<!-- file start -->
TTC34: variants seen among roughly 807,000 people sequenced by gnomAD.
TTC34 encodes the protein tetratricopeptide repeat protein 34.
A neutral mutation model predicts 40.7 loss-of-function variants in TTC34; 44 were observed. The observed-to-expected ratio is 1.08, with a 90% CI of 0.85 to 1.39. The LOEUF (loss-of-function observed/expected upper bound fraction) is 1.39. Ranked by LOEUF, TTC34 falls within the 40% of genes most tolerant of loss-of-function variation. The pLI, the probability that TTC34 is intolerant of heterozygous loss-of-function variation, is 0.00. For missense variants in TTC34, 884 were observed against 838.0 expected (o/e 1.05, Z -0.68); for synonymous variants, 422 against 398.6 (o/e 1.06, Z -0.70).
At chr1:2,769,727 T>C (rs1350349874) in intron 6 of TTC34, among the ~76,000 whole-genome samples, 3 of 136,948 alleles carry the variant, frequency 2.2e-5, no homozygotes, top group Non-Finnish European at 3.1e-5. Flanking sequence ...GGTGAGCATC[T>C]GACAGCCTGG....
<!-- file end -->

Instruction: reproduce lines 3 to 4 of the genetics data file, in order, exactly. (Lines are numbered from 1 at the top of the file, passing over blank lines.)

A neutral mutation model predicts 40.7 loss-of-function variants in TTC34; 44 were observed. The observed-to-expected ratio is 1.08, with a 90% CI of 0.85 to 1.39. The LOEUF (loss-of-function observed/expected upper bound fraction) is 1.39. Ranked by LOEUF, TTC34 falls within the 40% of genes most tolerant of loss-of-function variation. The pLI, the probability that TTC34 is intolerant of heterozygous loss-of-function variation, is 0.00. For missense variants in TTC34, 884 were observed against 838.0 expected (o/e 1.05, Z -0.68); for synonymous variants, 422 against 398.6 (o/e 1.06, Z -0.70).
At chr1:2,769,727 T>C (rs1350349874) in intron 6 of TTC34, among the ~76,000 whole-genome samples, 3 of 136,948 alleles carry the variant, frequency 2.2e-5, no homozygotes, top group Non-Finnish European at 3.1e-5. Flanking sequence ...GGTGAGCATC[T>C]GACAGCCTGG....